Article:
The entrenchment of rights in the Canadian Constitution comes after long experience with a system of parliamentary supremacy. The American judicial tradition of treating the written constitution as fundamental law cannot have an instant Canadian counterpart. Thus, it does not follow that the Canadian courts will necessarily claim a role comparable to that of courts in the United States, nor is it clear that the representative bodies in Canada would tolerate such a judicial assertion of power. Opposition by government bodies to the Charter have already occurred in Canada, where the Parti Quebecois government of Quebec invoked the "notwithstanding the Canadian Charter of Rights and Freedoms" clause for the purpose of protecting their language laws from attack under the charter. This report will attempt to note some of the common and distinctive features of the text of the two constitutions as well as to how they differ.
Three major classes of rights are protected by both the Canadian and United States constitutions. Freedom of expression, religion, and assembly are safeguarded in part I section 2 of the Canadian Constitution Act, 1982, and in the First Amendment of the American Constitution. The Legal Rights listed in sections 7-14 of the Canadian Charter of Rights and Freedoms, protecting criminal suspects and defendants by various procedural safeguards, are paralleled by American rights to have counsel against double jeopardy, excessive bail, etc., which find expression in the Fourth, Fifth, Sixth and Eighth Amendments. Finally, the drive in modern democracies to provide greater legal protection against discriminatory official policies and actions finds expression in section 15 of the Canadian Charter, which bans discriminatory actions and authorizes affirmative action programs to remedy the injuries of past discrimination. The American equivalent, the 'equal protection of the laws' in the Fourteenth Amendment, has served to justify court decisions outlawing segregated schools, unequal treatment of women, and certain forms of discrimination against aliens and other minorities. As similar as the Canadian and American constitution may be in regards to their provisions respecting rights, both constitutions include provisions which are unique to their own respective documents.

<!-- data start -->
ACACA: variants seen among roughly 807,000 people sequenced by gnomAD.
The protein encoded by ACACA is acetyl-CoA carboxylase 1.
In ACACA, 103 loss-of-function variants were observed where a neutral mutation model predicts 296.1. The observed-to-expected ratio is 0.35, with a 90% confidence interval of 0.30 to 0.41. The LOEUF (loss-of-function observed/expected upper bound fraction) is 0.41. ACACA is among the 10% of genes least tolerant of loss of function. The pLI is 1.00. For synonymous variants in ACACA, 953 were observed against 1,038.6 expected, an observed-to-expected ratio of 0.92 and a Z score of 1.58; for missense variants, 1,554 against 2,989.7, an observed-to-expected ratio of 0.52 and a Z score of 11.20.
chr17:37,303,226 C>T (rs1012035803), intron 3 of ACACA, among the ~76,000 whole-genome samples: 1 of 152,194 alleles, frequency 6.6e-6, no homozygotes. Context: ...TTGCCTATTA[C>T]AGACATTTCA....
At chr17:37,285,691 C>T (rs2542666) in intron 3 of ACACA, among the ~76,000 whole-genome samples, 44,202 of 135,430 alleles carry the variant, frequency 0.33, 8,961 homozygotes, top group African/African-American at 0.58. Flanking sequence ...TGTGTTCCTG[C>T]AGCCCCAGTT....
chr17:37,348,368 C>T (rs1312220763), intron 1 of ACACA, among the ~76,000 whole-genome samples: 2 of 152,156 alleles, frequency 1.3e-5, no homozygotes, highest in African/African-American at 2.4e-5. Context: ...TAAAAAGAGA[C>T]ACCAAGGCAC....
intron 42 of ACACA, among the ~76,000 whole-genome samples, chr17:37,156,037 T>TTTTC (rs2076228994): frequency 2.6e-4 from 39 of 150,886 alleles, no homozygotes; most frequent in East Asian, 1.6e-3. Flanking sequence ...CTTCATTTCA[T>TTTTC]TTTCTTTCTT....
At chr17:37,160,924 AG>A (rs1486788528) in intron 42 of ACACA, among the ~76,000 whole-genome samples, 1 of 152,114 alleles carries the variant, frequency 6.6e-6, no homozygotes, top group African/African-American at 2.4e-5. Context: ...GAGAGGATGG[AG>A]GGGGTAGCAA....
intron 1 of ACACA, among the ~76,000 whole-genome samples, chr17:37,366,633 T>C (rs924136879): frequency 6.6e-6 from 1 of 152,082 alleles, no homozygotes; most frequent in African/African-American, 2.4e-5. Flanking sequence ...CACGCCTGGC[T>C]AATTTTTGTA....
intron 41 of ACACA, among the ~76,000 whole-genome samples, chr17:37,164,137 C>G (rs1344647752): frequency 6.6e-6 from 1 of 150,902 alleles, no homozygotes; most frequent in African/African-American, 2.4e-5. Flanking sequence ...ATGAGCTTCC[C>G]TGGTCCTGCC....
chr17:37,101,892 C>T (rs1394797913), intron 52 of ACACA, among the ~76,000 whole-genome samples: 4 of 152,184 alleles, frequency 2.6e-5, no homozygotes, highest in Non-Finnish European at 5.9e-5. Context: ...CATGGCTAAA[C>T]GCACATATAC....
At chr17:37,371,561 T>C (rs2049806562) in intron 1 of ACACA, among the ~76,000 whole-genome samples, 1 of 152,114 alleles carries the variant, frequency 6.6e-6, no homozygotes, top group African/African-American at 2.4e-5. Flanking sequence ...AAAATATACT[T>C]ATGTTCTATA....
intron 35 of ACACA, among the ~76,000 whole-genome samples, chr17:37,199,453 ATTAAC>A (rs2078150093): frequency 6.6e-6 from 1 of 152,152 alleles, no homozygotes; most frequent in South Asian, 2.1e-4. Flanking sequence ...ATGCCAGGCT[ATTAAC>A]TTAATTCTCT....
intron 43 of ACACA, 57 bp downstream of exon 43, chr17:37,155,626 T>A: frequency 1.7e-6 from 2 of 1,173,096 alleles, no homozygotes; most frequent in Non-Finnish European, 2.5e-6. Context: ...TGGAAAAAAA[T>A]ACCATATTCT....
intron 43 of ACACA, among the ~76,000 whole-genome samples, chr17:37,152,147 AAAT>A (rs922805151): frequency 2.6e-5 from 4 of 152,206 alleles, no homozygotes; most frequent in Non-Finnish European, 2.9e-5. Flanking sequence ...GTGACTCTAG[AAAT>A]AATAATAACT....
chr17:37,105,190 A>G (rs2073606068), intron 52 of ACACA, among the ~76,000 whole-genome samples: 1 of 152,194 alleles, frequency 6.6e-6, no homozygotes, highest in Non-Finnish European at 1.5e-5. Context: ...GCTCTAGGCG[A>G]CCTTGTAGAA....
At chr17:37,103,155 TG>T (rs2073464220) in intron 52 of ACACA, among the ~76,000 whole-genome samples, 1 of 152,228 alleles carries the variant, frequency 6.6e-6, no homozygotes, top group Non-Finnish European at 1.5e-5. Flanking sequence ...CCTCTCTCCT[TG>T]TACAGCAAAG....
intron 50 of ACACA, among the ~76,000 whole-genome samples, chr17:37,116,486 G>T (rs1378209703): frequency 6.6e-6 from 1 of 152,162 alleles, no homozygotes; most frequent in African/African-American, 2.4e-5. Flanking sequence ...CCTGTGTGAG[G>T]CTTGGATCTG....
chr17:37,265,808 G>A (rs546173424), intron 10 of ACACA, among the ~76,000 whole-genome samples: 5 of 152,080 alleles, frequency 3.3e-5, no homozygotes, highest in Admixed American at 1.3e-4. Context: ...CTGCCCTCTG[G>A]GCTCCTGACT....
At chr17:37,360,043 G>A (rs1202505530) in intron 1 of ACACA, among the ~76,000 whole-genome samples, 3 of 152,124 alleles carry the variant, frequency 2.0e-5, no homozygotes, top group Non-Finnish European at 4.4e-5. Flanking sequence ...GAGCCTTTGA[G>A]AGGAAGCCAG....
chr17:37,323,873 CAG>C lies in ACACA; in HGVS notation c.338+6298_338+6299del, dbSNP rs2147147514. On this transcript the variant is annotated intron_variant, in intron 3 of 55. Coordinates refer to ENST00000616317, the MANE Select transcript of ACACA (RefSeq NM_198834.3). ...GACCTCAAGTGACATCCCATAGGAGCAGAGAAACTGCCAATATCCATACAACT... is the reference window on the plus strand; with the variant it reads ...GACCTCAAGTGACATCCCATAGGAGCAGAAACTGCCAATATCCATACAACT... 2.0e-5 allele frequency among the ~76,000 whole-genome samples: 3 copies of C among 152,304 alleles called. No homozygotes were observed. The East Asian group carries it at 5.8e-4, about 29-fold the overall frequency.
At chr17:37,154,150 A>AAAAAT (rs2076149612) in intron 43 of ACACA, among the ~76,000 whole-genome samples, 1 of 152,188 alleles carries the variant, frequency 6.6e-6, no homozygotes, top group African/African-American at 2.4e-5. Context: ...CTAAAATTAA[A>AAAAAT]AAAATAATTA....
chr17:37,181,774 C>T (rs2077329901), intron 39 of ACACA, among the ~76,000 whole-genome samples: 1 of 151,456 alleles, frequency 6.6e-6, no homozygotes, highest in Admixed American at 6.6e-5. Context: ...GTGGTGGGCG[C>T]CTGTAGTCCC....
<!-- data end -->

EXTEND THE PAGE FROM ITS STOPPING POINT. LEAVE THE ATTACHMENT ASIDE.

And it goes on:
One of the most notable differences in the American Constitution, which has no direct counterpart in the Canadian system, is the right to bear arms, which finds expression in the Second Amendment. In regards to the Canadian Constitution there are at least four provisions which deserve a special comment. First is section 1 of the Charter, which states a single standard, applicable to all of the rights set out in the Charter, for judging the legitimacy of governmental justifications for limiting rights. United States law has a variety of standards for judging the adequacy of governmental justifications, for limiting constitutional rights, depending on the nature, strength and history of the particular right.